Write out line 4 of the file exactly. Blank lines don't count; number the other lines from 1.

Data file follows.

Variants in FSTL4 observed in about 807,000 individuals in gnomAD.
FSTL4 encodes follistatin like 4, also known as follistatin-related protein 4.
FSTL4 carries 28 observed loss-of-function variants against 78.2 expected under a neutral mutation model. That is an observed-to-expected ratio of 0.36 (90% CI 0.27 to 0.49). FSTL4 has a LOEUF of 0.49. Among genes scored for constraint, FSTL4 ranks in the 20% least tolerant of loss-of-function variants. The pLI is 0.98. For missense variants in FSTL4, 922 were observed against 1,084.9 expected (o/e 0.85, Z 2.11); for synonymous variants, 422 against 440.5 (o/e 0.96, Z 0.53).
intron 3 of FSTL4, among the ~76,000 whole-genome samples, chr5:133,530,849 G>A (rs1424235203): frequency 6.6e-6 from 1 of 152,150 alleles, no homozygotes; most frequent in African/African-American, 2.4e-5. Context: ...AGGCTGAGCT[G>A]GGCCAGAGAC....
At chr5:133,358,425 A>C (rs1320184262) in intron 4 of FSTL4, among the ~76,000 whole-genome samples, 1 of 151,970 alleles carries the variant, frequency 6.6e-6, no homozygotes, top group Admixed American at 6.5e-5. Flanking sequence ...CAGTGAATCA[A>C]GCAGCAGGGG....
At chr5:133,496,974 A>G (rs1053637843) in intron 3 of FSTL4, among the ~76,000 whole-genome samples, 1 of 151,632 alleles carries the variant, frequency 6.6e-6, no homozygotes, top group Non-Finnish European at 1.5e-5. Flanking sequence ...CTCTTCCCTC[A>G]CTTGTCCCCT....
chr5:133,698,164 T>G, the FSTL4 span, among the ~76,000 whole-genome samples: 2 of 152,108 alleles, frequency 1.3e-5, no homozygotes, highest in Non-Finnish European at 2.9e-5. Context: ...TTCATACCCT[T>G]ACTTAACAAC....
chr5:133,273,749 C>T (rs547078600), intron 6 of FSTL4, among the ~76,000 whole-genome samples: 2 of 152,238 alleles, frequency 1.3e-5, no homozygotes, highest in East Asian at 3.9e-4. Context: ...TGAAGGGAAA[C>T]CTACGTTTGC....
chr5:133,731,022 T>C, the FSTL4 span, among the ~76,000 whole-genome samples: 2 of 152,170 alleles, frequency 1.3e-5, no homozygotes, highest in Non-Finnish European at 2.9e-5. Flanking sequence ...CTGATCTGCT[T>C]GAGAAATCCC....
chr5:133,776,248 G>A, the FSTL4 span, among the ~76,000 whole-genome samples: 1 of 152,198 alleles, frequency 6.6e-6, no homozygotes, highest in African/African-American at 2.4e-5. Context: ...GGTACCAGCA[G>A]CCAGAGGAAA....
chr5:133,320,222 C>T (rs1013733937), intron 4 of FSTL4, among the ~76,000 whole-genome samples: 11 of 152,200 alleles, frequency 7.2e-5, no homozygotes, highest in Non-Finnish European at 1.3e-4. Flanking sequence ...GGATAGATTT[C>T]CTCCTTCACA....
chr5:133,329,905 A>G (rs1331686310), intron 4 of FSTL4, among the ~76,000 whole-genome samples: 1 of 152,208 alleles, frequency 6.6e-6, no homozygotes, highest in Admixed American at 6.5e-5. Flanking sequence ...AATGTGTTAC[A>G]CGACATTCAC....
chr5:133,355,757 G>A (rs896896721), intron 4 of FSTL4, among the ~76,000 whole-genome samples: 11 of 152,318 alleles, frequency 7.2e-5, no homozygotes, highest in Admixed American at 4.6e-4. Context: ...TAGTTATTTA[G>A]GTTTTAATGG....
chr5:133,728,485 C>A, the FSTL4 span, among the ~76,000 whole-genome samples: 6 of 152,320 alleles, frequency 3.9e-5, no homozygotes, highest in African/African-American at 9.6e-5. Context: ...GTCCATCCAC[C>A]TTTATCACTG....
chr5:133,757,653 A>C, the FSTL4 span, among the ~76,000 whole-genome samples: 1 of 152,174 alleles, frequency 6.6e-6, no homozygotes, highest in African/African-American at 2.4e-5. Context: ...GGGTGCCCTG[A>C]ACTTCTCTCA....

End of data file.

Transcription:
intron 3 of FSTL4, among the ~76,000 whole-genome samples, chr5:133,530,849 G>A (rs1424235203): frequency 6.6e-6 from 1 of 152,150 alleles, no homozygotes; most frequent in African/African-American, 2.4e-5. Context: ...AGGCTGAGCT[G>A]GGCCAGAGAC....